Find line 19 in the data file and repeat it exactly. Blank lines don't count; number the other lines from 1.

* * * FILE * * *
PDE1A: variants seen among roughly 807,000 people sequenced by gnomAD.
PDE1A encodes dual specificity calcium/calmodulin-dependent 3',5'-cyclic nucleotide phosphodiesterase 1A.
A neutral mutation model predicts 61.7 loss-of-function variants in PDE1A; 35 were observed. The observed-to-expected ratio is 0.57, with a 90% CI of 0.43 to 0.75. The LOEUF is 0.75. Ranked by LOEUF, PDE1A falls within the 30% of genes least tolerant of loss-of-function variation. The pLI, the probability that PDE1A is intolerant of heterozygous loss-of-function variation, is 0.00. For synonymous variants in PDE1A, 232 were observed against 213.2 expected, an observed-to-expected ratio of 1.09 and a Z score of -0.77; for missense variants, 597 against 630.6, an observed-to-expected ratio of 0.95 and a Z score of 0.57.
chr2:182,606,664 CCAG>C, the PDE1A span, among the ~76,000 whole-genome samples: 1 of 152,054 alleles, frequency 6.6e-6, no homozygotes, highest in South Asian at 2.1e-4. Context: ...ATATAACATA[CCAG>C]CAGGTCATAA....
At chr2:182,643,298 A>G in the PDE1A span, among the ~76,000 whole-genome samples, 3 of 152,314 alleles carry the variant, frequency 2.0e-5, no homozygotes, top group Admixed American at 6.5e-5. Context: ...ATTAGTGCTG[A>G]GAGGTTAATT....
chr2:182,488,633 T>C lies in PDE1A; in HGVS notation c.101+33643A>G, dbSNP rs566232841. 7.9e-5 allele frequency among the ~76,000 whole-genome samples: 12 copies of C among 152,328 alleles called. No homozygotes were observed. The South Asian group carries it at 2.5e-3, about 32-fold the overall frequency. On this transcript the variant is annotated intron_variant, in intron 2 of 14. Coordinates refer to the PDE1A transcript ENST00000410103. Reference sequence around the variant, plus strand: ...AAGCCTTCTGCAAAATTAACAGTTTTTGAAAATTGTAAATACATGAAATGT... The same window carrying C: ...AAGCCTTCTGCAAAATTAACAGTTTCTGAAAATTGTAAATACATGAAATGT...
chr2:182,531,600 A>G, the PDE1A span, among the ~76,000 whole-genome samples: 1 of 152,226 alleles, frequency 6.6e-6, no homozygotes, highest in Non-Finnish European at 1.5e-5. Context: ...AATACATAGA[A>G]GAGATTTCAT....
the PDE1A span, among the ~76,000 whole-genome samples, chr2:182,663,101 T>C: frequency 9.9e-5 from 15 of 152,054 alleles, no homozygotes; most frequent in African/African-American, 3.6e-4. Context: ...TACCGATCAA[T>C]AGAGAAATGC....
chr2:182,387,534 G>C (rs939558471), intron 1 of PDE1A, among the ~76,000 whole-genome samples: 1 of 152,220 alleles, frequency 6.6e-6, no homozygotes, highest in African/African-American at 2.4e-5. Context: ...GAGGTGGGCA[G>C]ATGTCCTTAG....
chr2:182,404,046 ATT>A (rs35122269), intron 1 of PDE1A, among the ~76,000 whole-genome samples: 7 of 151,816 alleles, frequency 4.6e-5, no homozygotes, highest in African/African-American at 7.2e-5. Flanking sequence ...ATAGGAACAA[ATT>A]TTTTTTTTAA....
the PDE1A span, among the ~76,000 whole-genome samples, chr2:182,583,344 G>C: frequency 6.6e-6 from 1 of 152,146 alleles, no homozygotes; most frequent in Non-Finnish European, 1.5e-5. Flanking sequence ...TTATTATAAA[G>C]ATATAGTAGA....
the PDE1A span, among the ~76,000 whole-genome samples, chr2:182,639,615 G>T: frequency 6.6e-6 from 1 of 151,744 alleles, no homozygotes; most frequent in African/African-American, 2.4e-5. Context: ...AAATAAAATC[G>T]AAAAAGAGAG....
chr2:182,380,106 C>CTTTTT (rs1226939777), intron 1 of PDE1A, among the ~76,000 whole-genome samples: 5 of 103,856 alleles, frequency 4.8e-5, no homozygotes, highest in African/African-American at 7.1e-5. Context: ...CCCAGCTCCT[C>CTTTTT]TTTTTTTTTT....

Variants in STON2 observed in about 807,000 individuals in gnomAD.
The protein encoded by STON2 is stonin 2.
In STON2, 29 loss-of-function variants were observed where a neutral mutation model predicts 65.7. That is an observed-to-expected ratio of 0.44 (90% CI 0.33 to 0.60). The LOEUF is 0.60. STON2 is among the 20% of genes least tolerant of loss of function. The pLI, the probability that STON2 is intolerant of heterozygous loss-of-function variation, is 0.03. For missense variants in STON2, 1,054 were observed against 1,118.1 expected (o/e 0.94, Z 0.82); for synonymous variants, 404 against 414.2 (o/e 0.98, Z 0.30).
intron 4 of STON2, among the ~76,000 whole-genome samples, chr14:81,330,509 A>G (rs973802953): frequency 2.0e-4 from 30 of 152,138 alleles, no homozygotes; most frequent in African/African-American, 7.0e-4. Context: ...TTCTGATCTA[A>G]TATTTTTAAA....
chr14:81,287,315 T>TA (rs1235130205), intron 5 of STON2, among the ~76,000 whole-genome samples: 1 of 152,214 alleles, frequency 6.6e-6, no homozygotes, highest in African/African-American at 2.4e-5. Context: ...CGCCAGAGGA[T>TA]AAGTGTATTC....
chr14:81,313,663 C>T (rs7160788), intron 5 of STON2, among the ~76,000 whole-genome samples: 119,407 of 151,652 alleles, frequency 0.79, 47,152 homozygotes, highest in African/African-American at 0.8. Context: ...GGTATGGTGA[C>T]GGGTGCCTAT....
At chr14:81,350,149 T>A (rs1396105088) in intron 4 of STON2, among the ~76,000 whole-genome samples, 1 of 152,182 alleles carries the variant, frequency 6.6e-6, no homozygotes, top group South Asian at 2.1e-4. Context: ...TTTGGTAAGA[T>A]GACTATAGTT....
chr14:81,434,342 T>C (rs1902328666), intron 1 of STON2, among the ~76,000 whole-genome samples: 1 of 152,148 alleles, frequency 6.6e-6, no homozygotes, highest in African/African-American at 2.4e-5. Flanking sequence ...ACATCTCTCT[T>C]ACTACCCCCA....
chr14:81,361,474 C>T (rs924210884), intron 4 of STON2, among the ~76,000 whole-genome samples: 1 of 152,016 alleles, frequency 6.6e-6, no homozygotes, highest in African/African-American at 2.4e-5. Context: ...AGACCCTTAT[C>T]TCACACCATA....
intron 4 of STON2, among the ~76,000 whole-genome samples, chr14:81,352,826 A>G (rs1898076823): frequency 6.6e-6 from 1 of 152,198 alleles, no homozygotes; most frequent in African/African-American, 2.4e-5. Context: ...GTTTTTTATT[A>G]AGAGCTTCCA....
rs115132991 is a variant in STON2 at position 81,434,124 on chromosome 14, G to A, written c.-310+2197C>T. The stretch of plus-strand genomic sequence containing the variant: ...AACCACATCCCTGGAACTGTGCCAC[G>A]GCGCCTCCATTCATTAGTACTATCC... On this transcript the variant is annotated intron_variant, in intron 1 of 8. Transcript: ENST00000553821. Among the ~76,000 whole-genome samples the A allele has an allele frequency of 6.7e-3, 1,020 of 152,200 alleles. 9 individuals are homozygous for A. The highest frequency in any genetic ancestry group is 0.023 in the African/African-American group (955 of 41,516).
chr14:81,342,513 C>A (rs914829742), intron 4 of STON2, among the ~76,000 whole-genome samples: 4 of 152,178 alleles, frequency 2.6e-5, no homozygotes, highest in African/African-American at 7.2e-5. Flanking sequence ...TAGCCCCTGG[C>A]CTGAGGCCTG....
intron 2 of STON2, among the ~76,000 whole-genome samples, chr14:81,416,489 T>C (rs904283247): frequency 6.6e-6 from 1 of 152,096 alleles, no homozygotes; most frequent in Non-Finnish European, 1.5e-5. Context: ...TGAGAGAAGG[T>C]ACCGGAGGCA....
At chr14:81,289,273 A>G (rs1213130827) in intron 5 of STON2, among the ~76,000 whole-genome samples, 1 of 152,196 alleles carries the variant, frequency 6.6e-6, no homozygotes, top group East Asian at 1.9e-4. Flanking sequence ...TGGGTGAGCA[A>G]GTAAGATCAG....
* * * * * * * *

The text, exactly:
chr14:81,313,663 C>T (rs7160788), intron 5 of STON2, among the ~76,000 whole-genome samples: 119,407 of 151,652 alleles, frequency 0.79, 47,152 homozygotes, highest in African/African-American at 0.8. Context: ...GGTATGGTGA[C>T]GGGTGCCTAT....